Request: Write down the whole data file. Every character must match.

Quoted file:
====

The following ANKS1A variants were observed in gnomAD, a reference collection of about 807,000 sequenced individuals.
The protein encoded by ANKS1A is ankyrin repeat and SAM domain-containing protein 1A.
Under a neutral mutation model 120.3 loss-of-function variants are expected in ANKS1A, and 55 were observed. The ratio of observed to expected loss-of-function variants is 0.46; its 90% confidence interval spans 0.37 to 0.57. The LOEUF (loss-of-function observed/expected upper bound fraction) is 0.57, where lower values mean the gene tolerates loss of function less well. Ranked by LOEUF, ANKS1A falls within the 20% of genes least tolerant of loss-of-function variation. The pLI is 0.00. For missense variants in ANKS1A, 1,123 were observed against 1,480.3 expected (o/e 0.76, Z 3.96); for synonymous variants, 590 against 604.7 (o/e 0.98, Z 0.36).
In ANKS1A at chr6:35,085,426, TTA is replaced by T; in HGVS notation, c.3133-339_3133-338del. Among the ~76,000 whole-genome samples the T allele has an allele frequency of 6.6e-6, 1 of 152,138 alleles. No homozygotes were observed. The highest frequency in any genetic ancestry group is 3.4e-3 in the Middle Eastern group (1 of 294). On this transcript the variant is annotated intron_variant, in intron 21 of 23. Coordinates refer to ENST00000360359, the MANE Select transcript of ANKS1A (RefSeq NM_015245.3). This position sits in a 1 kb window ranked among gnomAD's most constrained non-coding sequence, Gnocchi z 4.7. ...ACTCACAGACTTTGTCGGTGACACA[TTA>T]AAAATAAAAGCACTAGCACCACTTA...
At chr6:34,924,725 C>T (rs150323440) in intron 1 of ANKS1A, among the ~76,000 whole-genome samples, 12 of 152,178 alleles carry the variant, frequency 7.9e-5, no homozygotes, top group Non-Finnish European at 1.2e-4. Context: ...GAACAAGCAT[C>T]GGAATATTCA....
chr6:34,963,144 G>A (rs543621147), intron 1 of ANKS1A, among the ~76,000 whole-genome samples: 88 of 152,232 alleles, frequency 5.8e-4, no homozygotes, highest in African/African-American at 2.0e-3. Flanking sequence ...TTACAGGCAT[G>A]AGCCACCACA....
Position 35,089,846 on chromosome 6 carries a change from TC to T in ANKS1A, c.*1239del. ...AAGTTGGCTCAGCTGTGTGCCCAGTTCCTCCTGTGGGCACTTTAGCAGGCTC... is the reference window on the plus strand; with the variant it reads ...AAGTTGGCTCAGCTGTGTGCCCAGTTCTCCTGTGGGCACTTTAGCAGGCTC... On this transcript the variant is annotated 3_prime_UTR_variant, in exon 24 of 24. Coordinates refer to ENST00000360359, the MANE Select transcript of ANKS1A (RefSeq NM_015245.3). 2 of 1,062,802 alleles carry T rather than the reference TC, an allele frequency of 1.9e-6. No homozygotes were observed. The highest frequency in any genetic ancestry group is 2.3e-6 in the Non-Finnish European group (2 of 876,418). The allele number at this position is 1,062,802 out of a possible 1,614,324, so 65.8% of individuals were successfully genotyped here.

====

The following ANKS1A variants were observed in gnomAD, a reference collection of about 807,000 sequenced individuals.
The protein encoded by ANKS1A is ankyrin repeat and SAM domain-containing protein 1A.
Under a neutral mutation model 120.3 loss-of-function variants are expected in ANKS1A, and 55 were observed. The ratio of observed to expected loss-of-function variants is 0.46; its 90% confidence interval spans 0.37 to 0.57. The LOEUF (loss-of-function observed/expected upper bound fraction) is 0.57, where lower values mean the gene tolerates loss of function less well. Ranked by LOEUF, ANKS1A falls within the 20% of genes least tolerant of loss-of-function variation. The pLI is 0.00. For missense variants in ANKS1A, 1,123 were observed against 1,480.3 expected (o/e 0.76, Z 3.96); for synonymous variants, 590 against 604.7 (o/e 0.98, Z 0.36).
In ANKS1A at chr6:35,085,426, TTA is replaced by T; in HGVS notation, c.3133-339_3133-338del. Among the ~76,000 whole-genome samples the T allele has an allele frequency of 6.6e-6, 1 of 152,138 alleles. No homozygotes were observed. The highest frequency in any genetic ancestry group is 3.4e-3 in the Middle Eastern group (1 of 294). On this transcript the variant is annotated intron_variant, in intron 21 of 23. Coordinates refer to ENST00000360359, the MANE Select transcript of ANKS1A (RefSeq NM_015245.3). This position sits in a 1 kb window ranked among gnomAD's most constrained non-coding sequence, Gnocchi z 4.7. ...ACTCACAGACTTTGTCGGTGACACA[TTA>T]AAAATAAAAGCACTAGCACCACTTA...
At chr6:34,924,725 C>T (rs150323440) in intron 1 of ANKS1A, among the ~76,000 whole-genome samples, 12 of 152,178 alleles carry the variant, frequency 7.9e-5, no homozygotes, top group Non-Finnish European at 1.2e-4. Context: ...GAACAAGCAT[C>T]GGAATATTCA....
chr6:34,963,144 G>A (rs543621147), intron 1 of ANKS1A, among the ~76,000 whole-genome samples: 88 of 152,232 alleles, frequency 5.8e-4, no homozygotes, highest in African/African-American at 2.0e-3. Flanking sequence ...TTACAGGCAT[G>A]AGCCACCACA....
Position 35,089,846 on chromosome 6 carries a change from TC to T in ANKS1A, c.*1239del. ...AAGTTGGCTCAGCTGTGTGCCCAGTTCCTCCTGTGGGCACTTTAGCAGGCTC... is the reference window on the plus strand; with the variant it reads ...AAGTTGGCTCAGCTGTGTGCCCAGTTCTCCTGTGGGCACTTTAGCAGGCTC... On this transcript the variant is annotated 3_prime_UTR_variant, in exon 24 of 24. Coordinates refer to ENST00000360359, the MANE Select transcript of ANKS1A (RefSeq NM_015245.3). 2 of 1,062,802 alleles carry T rather than the reference TC, an allele frequency of 1.9e-6. No homozygotes were observed. The highest frequency in any genetic ancestry group is 2.3e-6 in the Non-Finnish European group (2 of 876,418). The allele number at this position is 1,062,802 out of a possible 1,614,324, so 65.8% of individuals were successfully genotyped here.